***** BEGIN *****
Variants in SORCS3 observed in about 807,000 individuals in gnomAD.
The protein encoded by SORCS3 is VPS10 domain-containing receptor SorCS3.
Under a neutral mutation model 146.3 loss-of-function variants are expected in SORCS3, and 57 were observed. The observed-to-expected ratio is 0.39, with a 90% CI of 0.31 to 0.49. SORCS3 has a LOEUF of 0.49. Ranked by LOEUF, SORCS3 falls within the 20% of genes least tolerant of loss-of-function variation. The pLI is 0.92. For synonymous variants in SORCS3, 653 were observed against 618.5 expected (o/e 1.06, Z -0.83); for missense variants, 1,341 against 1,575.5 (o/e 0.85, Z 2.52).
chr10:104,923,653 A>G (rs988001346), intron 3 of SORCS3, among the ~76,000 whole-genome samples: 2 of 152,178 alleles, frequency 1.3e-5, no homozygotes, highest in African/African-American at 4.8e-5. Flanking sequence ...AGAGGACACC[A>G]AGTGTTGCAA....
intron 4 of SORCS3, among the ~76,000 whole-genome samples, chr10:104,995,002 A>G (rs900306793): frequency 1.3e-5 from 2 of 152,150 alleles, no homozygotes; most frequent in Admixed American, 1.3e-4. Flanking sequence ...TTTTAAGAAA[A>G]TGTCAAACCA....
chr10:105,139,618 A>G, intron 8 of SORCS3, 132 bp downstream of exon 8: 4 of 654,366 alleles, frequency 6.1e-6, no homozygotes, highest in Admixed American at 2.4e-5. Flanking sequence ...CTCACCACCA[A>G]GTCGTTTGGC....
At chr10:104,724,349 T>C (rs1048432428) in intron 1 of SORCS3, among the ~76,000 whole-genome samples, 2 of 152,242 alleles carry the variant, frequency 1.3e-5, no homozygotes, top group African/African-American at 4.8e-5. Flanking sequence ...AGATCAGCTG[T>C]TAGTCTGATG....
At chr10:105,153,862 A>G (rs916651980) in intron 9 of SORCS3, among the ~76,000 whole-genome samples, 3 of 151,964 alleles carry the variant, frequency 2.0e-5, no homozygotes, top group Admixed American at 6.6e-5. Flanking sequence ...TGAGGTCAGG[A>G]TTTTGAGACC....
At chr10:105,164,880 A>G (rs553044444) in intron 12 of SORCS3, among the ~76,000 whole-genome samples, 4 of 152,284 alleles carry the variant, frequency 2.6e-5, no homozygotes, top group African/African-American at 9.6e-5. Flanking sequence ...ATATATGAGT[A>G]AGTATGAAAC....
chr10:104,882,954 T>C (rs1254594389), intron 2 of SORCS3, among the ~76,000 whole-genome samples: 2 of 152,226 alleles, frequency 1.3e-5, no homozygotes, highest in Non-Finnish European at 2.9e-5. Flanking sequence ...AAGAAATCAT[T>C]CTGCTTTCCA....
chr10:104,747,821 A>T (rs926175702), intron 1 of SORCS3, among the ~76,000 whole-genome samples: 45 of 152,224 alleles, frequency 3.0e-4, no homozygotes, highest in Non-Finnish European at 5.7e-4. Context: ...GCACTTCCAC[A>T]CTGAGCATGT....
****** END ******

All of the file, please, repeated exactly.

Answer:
Variants in SORCS3 observed in about 807,000 individuals in gnomAD.
The protein encoded by SORCS3 is VPS10 domain-containing receptor SorCS3.
Under a neutral mutation model 146.3 loss-of-function variants are expected in SORCS3, and 57 were observed. The observed-to-expected ratio is 0.39, with a 90% CI of 0.31 to 0.49. SORCS3 has a LOEUF of 0.49. Ranked by LOEUF, SORCS3 falls within the 20% of genes least tolerant of loss-of-function variation. The pLI is 0.92. For synonymous variants in SORCS3, 653 were observed against 618.5 expected (o/e 1.06, Z -0.83); for missense variants, 1,341 against 1,575.5 (o/e 0.85, Z 2.52).
chr10:104,923,653 A>G (rs988001346), intron 3 of SORCS3, among the ~76,000 whole-genome samples: 2 of 152,178 alleles, frequency 1.3e-5, no homozygotes, highest in African/African-American at 4.8e-5. Flanking sequence ...AGAGGACACC[A>G]AGTGTTGCAA....
intron 4 of SORCS3, among the ~76,000 whole-genome samples, chr10:104,995,002 A>G (rs900306793): frequency 1.3e-5 from 2 of 152,150 alleles, no homozygotes; most frequent in Admixed American, 1.3e-4. Flanking sequence ...TTTTAAGAAA[A>G]TGTCAAACCA....
chr10:105,139,618 A>G, intron 8 of SORCS3, 132 bp downstream of exon 8: 4 of 654,366 alleles, frequency 6.1e-6, no homozygotes, highest in Admixed American at 2.4e-5. Flanking sequence ...CTCACCACCA[A>G]GTCGTTTGGC....
At chr10:104,724,349 T>C (rs1048432428) in intron 1 of SORCS3, among the ~76,000 whole-genome samples, 2 of 152,242 alleles carry the variant, frequency 1.3e-5, no homozygotes, top group African/African-American at 4.8e-5. Flanking sequence ...AGATCAGCTG[T>C]TAGTCTGATG....
At chr10:105,153,862 A>G (rs916651980) in intron 9 of SORCS3, among the ~76,000 whole-genome samples, 3 of 151,964 alleles carry the variant, frequency 2.0e-5, no homozygotes, top group Admixed American at 6.6e-5. Flanking sequence ...TGAGGTCAGG[A>G]TTTTGAGACC....
At chr10:105,164,880 A>G (rs553044444) in intron 12 of SORCS3, among the ~76,000 whole-genome samples, 4 of 152,284 alleles carry the variant, frequency 2.6e-5, no homozygotes, top group African/African-American at 9.6e-5. Flanking sequence ...ATATATGAGT[A>G]AGTATGAAAC....
chr10:104,882,954 T>C (rs1254594389), intron 2 of SORCS3, among the ~76,000 whole-genome samples: 2 of 152,226 alleles, frequency 1.3e-5, no homozygotes, highest in Non-Finnish European at 2.9e-5. Flanking sequence ...AAGAAATCAT[T>C]CTGCTTTCCA....
chr10:104,747,821 A>T (rs926175702), intron 1 of SORCS3, among the ~76,000 whole-genome samples: 45 of 152,224 alleles, frequency 3.0e-4, no homozygotes, highest in Non-Finnish European at 5.7e-4. Context: ...GCACTTCCAC[A>T]CTGAGCATGT....